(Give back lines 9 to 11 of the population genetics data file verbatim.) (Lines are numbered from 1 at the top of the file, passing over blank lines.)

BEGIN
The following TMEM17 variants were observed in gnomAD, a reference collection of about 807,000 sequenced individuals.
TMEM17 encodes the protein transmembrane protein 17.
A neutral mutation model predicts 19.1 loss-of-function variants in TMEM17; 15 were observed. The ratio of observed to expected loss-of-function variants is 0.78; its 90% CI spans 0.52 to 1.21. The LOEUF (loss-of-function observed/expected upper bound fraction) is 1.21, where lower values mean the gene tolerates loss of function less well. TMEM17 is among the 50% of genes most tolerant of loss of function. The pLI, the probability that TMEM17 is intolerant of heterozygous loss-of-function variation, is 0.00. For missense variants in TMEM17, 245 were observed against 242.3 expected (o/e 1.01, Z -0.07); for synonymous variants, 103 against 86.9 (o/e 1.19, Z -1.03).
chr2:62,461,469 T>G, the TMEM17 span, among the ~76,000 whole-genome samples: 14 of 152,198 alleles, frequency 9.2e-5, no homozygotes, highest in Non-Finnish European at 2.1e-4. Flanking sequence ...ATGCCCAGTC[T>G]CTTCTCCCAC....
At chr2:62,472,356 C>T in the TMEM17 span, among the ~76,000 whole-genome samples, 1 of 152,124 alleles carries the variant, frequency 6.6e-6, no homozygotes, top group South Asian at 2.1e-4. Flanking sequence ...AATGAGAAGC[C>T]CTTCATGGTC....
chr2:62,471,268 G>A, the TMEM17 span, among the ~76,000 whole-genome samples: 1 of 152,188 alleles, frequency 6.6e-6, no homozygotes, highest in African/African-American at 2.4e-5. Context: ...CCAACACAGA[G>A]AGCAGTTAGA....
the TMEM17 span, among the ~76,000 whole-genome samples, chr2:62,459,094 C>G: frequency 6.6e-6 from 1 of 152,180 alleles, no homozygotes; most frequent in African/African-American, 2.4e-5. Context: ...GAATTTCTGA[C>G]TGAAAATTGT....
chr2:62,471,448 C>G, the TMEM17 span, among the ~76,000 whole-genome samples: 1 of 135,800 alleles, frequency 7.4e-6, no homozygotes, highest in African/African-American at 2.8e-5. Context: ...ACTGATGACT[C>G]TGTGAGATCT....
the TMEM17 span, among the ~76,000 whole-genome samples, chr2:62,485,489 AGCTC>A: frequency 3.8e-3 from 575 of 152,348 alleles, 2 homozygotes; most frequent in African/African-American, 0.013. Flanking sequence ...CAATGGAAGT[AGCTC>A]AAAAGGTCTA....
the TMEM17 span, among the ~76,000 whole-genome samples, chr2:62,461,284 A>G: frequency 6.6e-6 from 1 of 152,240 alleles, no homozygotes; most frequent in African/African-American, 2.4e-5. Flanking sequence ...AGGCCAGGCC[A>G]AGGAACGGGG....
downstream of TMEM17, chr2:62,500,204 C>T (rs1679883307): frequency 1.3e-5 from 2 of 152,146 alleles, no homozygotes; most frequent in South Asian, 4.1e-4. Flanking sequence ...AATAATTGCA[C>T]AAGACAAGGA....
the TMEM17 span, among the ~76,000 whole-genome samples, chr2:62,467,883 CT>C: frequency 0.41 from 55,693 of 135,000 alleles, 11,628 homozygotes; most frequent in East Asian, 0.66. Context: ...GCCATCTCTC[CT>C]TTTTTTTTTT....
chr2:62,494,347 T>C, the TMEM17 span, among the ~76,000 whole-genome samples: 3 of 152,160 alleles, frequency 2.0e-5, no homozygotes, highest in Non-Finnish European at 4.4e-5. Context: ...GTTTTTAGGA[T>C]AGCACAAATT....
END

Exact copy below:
the TMEM17 span, among the ~76,000 whole-genome samples, chr2:62,485,489 AGCTC>A: frequency 3.8e-3 from 575 of 152,348 alleles, 2 homozygotes; most frequent in African/African-American, 0.013. Flanking sequence ...CAATGGAAGT[AGCTC>A]AAAAGGTCTA....
the TMEM17 span, among the ~76,000 whole-genome samples, chr2:62,461,284 A>G: frequency 6.6e-6 from 1 of 152,240 alleles, no homozygotes; most frequent in African/African-American, 2.4e-5. Flanking sequence ...AGGCCAGGCC[A>G]AGGAACGGGG....
downstream of TMEM17, chr2:62,500,204 C>T (rs1679883307): frequency 1.3e-5 from 2 of 152,146 alleles, no homozygotes; most frequent in South Asian, 4.1e-4. Flanking sequence ...AATAATTGCA[C>T]AAGACAAGGA....